Tuesday, 11 December 2012

How siddhis arise: Saṃyamaḥ

My last post was Patañjali cautioning us that siddhis are a distraction on the path to samādhi, and must be ignored. Yet he spends nearly an entire chapter enumerating and describing the siddhis. The process of achieving samādhi is a complex one and best learnt from a practising expert. However one can get some understanding of how siddhis arise by looking at sūtras 1-6 of Ch 3. I.K Taimini describes  reading the yogasūtras as having a map - it can give you an idea of distance, topography etc., but unless you visit the place, experience it yourself, you will not really know the reality of what is there.

It is the application of संयमः (saṃyamaḥ) on an object or process that gives rise to siddhis, which are extra-ordinary powers.  संयमः (saṃyamaḥ) is a technical term that consists of dhāraṇā, dhyānam and samādhi, which are now described:


देशबन्धश्चित्तस्य धारणा 
देश बन्धः चित्तस्य धारणा 

देश place, spot
बन्धः confining, fixing 
चित्तस्य of the mind/of thinking/of thought
धारणा concentration, steadfastness, act of holding

The confining of the mind, or thought process to one particular spot is called dhāraṇā. Expert commentators tell us that it could be an actual spot (bindu), a yantra, an image of a god - be it Krisha, a baby Jesus, a mental or physical image of the sun or moon or even an apple. It depends on what can hold your mind in the strongest way. 


तत्र प्रत्ययैकतानता ध्यानम् 
तत्र प्रत्यय एकतानता ध्यानम्  

तत्र there, in that place
प्रत्यय content of consciousness (whatever your mind is thinking of in dhāraṇā)
एकतानता - stretching, an unbroken stream (of the same thought)
ध्यानम्  is meditation, contemplation
So when our parents told us as kids ध्यान से पढ़ो (study with dhyāna) they meant be attentive to the exclusion of all other thoughts, and now you know where it comes from!


तदेवार्थमात्रनिर्भासं स्वरूपशून्यमिव समाधिः 
तत् +एव अर्थ मात्र निर्भासं स्वरूप शून्यम् इव समाधिः 

तत् +एव that itself
अर्थ object
मात्र only
निर्भासं shining, appearing
स्वरूप  true or essential form
शून्यम् empty, void
इव like, as if
समाधिः trance, state of meditation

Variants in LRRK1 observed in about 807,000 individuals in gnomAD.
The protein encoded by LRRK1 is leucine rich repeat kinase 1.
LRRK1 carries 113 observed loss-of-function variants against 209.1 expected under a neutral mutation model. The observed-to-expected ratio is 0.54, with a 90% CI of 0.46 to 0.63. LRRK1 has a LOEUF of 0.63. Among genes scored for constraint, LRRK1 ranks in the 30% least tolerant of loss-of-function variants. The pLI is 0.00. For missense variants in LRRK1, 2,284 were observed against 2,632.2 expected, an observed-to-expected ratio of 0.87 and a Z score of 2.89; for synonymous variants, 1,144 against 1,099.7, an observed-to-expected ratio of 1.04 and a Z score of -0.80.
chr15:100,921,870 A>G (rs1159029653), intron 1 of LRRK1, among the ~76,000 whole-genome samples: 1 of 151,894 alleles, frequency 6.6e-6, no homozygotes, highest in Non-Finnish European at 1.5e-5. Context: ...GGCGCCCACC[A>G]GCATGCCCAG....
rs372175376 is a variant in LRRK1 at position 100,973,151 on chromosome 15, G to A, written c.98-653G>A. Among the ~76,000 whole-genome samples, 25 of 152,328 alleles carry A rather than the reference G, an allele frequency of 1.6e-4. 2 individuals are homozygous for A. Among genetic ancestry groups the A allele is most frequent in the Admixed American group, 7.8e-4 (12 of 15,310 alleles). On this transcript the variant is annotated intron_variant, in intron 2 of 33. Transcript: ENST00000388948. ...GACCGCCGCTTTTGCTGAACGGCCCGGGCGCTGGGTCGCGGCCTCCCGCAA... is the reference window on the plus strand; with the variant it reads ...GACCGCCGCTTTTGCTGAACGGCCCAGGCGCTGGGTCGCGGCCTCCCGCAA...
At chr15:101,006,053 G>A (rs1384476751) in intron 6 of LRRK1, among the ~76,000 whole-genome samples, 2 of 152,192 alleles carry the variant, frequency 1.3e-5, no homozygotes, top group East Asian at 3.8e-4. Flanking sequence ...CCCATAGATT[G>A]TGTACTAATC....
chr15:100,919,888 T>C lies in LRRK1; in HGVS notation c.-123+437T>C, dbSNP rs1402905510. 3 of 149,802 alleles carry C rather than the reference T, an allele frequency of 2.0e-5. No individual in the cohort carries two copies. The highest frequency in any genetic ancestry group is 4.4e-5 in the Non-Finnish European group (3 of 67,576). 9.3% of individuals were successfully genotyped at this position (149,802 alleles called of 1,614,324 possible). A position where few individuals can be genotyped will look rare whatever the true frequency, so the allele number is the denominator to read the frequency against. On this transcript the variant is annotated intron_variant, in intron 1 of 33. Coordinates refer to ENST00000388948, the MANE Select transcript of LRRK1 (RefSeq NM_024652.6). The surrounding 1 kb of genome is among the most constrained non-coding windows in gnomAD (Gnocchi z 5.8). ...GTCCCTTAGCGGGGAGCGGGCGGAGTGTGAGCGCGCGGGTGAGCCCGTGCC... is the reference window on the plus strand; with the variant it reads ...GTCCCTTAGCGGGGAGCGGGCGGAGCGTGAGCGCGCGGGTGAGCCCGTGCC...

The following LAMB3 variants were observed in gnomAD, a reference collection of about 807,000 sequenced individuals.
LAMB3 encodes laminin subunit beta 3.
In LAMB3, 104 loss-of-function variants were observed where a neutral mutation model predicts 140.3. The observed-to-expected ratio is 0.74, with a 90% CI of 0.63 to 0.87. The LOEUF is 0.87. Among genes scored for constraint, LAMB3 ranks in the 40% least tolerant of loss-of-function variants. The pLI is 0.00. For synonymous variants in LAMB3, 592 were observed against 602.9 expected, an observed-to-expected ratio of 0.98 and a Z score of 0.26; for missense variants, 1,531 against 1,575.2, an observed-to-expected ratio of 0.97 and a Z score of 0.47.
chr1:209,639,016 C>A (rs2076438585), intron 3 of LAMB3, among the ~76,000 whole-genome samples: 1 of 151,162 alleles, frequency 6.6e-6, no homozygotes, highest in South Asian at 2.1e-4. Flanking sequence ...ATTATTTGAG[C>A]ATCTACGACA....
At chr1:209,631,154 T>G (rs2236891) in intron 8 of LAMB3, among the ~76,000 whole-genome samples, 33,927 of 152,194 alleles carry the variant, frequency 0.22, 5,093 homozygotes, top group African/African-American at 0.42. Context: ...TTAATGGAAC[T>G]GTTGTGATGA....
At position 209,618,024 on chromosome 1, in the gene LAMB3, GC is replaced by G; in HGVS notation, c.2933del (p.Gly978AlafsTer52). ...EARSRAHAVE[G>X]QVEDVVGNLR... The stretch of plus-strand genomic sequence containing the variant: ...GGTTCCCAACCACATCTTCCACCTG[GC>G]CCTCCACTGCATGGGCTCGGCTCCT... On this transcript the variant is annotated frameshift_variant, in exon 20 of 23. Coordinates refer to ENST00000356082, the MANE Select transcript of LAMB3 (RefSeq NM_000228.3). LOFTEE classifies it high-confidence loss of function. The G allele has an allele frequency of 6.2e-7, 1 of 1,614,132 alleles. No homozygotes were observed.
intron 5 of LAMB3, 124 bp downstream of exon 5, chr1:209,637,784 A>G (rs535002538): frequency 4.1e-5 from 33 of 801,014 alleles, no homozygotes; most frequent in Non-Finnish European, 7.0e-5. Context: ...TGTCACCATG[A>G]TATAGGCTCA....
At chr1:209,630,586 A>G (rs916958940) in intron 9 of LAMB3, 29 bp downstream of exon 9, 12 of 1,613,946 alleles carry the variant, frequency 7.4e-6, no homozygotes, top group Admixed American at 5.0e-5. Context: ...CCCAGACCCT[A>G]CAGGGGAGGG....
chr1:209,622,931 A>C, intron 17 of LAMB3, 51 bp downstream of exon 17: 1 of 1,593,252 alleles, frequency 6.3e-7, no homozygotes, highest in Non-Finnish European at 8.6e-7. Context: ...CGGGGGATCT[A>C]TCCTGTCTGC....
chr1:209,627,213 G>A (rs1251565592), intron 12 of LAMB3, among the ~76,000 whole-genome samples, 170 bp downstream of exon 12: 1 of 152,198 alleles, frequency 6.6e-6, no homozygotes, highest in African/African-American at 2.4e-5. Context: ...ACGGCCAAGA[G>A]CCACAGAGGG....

When there is consciousness only of the object (being concentrated upon) and not of the mind itself - this is samādhi

Basically, the mind loses awareness of itself, and only consciousness of the object remains. 'svarūpa śūnyam iva' The mind's own form disappears, as it were. 


त्रयमेकत्र संयमः 
त्रयम् एकत्र संयमः 

त्रयम् the three  (dhāraṇā, dhyānam &samādhi)
एकत्र in one place, jointly 
संयमः this is saṃyamaḥ

Swami Vivekananda in his commentary on PYS says that the powers of the mind are like rays of light dissipated. And when concentrated, they illumine. (A bit like rays of the sun being concentrated by a magnifying glass.) He says there is no limit to the power of the human mind, and the more concentrated it is, the more power is brought to bear on one point. He exemplifies by referring to a chemist working in his lab or an astronomer studying the stars through a telescope. What they achieve is the result of concentration.

When this concentrated power of the mind saṃyamaḥ, the composite of  dhāraṇā, dhyānam, samādhiis is applied (विनियोगः)  it pierces the outer form of an object to unravel its inner reality. And the practitioner, the yogi gains to access to knowledge way beyond the ordinary. For instance by applying sayamaḥ to sound, he/she can understand all language, and sounds made by any living being (3:17).  

From the next post, I will translate individual sūtras in detail. 


Anonymous said...

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Rohini Bakshi said...

Thank you so much for this encouraging comment. I try not to rehash - I try to connect directly with the material and present it as objectively as possible. Suggestions are also always welcome, if you want to read about something specific.